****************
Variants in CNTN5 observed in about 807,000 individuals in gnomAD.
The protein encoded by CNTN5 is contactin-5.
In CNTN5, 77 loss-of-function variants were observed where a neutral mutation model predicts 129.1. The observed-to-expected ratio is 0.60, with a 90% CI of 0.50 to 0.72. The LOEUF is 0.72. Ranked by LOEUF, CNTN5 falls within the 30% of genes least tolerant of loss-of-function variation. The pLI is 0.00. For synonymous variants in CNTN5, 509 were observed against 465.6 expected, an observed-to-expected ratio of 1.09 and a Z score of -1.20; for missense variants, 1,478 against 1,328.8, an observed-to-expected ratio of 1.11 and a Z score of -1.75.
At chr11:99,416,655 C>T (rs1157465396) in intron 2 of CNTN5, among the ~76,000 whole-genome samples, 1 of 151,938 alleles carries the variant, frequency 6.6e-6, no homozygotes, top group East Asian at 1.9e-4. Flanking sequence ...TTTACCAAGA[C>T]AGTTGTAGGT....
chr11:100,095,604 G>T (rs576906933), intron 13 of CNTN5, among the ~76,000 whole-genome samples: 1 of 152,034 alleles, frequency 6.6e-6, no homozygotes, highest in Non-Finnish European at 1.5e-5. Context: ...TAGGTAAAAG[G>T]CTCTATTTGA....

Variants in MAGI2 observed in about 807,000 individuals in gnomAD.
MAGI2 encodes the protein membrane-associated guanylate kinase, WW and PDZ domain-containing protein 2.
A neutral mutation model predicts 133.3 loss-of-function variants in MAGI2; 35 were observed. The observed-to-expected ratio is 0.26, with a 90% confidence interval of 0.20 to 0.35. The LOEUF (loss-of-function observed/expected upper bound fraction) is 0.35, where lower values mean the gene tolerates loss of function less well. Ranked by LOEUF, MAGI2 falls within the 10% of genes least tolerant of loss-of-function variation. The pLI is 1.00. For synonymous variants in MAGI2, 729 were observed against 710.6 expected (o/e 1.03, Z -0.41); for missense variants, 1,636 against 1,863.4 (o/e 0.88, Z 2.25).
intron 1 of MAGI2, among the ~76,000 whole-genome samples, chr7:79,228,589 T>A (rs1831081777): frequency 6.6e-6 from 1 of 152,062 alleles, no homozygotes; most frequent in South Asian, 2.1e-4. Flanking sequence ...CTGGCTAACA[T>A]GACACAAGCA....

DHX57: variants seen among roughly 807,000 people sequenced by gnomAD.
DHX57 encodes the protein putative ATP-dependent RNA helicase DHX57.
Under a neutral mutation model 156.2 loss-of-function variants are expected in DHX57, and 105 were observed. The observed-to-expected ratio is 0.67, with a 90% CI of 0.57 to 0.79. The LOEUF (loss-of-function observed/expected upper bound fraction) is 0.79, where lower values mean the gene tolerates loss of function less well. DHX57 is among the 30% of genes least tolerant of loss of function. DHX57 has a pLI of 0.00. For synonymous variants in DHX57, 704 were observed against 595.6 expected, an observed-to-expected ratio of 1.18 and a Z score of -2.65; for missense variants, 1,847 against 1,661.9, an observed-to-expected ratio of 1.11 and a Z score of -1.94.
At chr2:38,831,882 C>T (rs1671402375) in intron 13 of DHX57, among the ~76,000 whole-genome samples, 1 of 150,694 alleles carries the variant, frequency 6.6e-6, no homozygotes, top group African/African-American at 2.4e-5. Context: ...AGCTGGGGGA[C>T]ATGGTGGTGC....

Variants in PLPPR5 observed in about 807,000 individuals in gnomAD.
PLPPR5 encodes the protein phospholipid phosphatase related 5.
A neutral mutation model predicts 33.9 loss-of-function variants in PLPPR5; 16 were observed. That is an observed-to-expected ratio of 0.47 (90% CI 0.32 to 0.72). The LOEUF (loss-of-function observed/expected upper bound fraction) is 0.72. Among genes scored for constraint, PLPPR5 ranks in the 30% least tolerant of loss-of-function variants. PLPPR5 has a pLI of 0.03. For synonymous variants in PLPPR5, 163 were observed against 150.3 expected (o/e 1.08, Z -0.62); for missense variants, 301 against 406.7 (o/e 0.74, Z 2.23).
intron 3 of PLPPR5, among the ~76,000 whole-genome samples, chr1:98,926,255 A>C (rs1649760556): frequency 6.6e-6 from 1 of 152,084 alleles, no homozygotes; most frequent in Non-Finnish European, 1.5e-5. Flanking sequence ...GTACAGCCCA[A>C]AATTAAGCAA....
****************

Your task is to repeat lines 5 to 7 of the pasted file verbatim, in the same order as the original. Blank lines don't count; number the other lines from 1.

chr11:100,095,604 G>T (rs576906933), intron 13 of CNTN5, among the ~76,000 whole-genome samples: 1 of 152,034 alleles, frequency 6.6e-6, no homozygotes, highest in Non-Finnish European at 1.5e-5. Context: ...TAGGTAAAAG[G>T]CTCTATTTGA....

Variants in MAGI2 observed in about 807,000 individuals in gnomAD.
MAGI2 encodes the protein membrane-associated guanylate kinase, WW and PDZ domain-containing protein 2.